Sales figures for mobile devices reached new heights in 2012. Market research firmtablet sales would near 120 million, about doubling the total sold in 2011.
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In addition, the number of active smartphones eclipsed 1 billion during the past year. That's one for every seven people on the planet. And while it took almost two decades to reach 1 billion active smartphones, research firmprojects there will be 2 billion by 2015, fueled by growth in developing economies in China, India and Africa.
It's not just phones and tablets though. All sorts offlourished in 2012, from watches and wristbands tothat can project video on the inside of the lenses. Speaking of glasses, in April, Google sent the tech world into a tizzy when it unveiled plans for a futuristic headset called .
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Well, if you think mobile came a long way in 2012, this year could be even better. Here's an outline of where we think mobile technology is headed in 2013.Brand Wars Will Drive Innovation
In terms of smartphones, mobile in 2013 will be like an evening of boxing. For the main event, heavyweightsandwill square off to see which can produce the world's most popular device.
The Samsung Galaxy IIIthe iPhone for that honor. While Apple went conservative with new features on the iPhone 5, Samsung went bold, equipping thewith an enormous 4.8-inch display, near field communication (NFC) technology (more on this later), a burst-shooting camera and a voice-enabled assistent akin to the iPhone's Siri.
Apparently, Apple is preparing to counter-punch. There are alreadythat Apple is testing its next iPhone, identified as "iPhone 6.1" which runs iOS 7.
Behind the iPhone and Galaxy a host of capable contenders are hungry for a shot at the belt, including devices from ,and .
There might even be some new players in the game. It seems likely that Amazon will debut asometime in 2013. There was even talk that Facebook was working on its own smartphone, but CEO and founderthose rumors in September.
What does this all this mean for us? It means better phones. Competition drives innovation. Look for these brands to consistently try to one-up one another with faster processors, better cameras and more innovative features.
That's not the only battle that will play out in 2013. Another one to watch will be the fight for third place in mobile operating systems. Android is the undisputed number one with nearly . While Apple's iOS is miles behind Android, it is still firmly entrenched at number two.
In 2013, the top two contenders for third place will beand , which isin the coming months.
A few dark horses are running in this race for third. Mozilla plans to launch asometime during 2013. Then, there is , a Linux-based mobile OS. Samsung recently revealed plans to releasein 2013.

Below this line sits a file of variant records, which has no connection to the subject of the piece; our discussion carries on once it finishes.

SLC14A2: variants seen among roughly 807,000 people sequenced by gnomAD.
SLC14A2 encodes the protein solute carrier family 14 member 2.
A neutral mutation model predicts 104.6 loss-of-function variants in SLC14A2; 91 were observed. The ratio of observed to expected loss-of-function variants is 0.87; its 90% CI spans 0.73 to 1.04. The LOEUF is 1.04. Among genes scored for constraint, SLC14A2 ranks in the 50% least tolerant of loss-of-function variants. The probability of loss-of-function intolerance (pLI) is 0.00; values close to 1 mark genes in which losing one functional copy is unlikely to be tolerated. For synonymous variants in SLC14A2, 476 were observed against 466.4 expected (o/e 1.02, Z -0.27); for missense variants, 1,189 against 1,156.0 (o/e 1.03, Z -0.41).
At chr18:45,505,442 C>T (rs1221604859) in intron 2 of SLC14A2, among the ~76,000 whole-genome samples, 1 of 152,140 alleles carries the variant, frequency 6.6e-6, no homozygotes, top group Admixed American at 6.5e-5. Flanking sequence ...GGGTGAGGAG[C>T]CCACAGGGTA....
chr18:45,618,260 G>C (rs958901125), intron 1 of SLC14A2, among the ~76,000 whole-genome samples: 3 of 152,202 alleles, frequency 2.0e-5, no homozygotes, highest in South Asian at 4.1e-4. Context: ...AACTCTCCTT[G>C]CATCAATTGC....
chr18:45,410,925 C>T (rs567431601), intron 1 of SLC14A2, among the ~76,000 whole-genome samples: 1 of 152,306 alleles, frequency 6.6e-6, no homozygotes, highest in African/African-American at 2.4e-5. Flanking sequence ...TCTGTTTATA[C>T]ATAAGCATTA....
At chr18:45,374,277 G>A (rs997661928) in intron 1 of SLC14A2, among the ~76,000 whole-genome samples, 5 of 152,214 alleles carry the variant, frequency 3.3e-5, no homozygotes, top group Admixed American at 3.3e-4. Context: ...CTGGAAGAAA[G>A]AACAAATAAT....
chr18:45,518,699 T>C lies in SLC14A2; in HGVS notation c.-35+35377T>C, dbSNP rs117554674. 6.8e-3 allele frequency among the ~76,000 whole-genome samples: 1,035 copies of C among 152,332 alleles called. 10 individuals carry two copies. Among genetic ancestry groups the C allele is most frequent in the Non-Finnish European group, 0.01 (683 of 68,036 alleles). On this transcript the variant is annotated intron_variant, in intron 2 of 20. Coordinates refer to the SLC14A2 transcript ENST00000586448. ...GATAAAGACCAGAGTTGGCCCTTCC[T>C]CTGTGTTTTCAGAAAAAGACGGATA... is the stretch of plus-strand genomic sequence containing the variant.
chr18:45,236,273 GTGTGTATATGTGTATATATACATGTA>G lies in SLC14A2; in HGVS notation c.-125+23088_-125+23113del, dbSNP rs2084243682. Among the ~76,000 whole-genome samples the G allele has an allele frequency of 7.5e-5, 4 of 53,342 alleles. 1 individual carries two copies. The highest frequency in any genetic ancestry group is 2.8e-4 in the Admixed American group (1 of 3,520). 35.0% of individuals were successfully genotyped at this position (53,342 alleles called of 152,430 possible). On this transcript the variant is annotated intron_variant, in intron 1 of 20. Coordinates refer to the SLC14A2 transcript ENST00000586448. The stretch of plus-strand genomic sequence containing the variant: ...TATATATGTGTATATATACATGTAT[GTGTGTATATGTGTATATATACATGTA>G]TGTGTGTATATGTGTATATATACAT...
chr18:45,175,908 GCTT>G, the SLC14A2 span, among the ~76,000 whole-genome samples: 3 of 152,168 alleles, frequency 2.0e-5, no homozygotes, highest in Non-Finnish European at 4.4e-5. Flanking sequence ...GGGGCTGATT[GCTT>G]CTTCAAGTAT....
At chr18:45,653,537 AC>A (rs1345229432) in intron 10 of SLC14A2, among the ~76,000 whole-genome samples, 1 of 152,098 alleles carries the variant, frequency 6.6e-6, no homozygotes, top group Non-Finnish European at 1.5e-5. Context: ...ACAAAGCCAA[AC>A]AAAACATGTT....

Both Firefox and Tizen aremobile operating systems, but they won't be the only ones. There are two other open source mobile operating systems to watch going forward.expects to release smartphones and possibly tablets running its Sailfish OS in 2013; andshould hit the market by early 2014.No NFC Mobile Payment, Yet
Before leaving the house, most will check to make sure they have three things: keys, wallet and cellphone. Well, thanks to NFC technology, cellphones might soon lighten the load by essentially replacing wallets with an "e-wallet."
It seems like we have beenfor years now. Basically, it enables two devices to make a very short-range and secure connection through radio technology. If a smartphone is equipped with NFC, as are most newer-model Androids, and if a retailer has an NFC terminal, one could make a purchase by simply tapping the phone on the terminal.
NFC technology also has other applications, such as data transfer between phones, but mobile payments is the feature most often discussed.
Services likeandare already in place. They secure one's payment information within a device.
The reason why mobile payment through NFC has not yet hit the mainstream is that device penetration is not at the point where it has prompted retailers to update their technology. Basically, not enough smartphones have the technology. Androids have started to adapt, but unlike iPhones, Android hardware is not uniform across the various devices.
While the wheels have been in motion for some time, they're really spinning now that most new Androids, including the Galaxy S III, come with NFC. If Apple releases a new iPhone during 2013, and if Apple decides to include NFC this time around, it will probably tip the scales in favor of rapid adoption of mobile payment.
Even if all that does happen, however, there probably won't be a new iPhone until later in the year, so odds are you're not going to see NFC penetrate the mainstream during 2013. Maybe 2014 will finally be the year of NFC.Flexible Smartphones
Here's something you never knew you needed -- a flexible smartphone. These devices will be lighter, more durable and the screen will be bendable. This feat is possible by making the display out of an(OLED) and shielding it in plastic rather than glass. Samsung is reportedlywith plans to start producing a bendable phone.
Samsung is not the only player in this game, however. Many companies are . At Nokia World in London in 2011,which not only bends but is controlled by bending. Check it out in the video below.
Since there are quite a few companies working on this, it seems likely that one will try to be first to market in 2013. There are rumors that the next model of Samsung's Galaxy will feature a bendable HD display. We'll find out much more about this at the , scheduled for next week. Stay tuned for updates.The Future of Smartphone Cameras
Cameras and phones have been married for about a decade (they , previously). In that time, the relationship has been constantly improving in terms of specs, which has led to higher-quality photographs.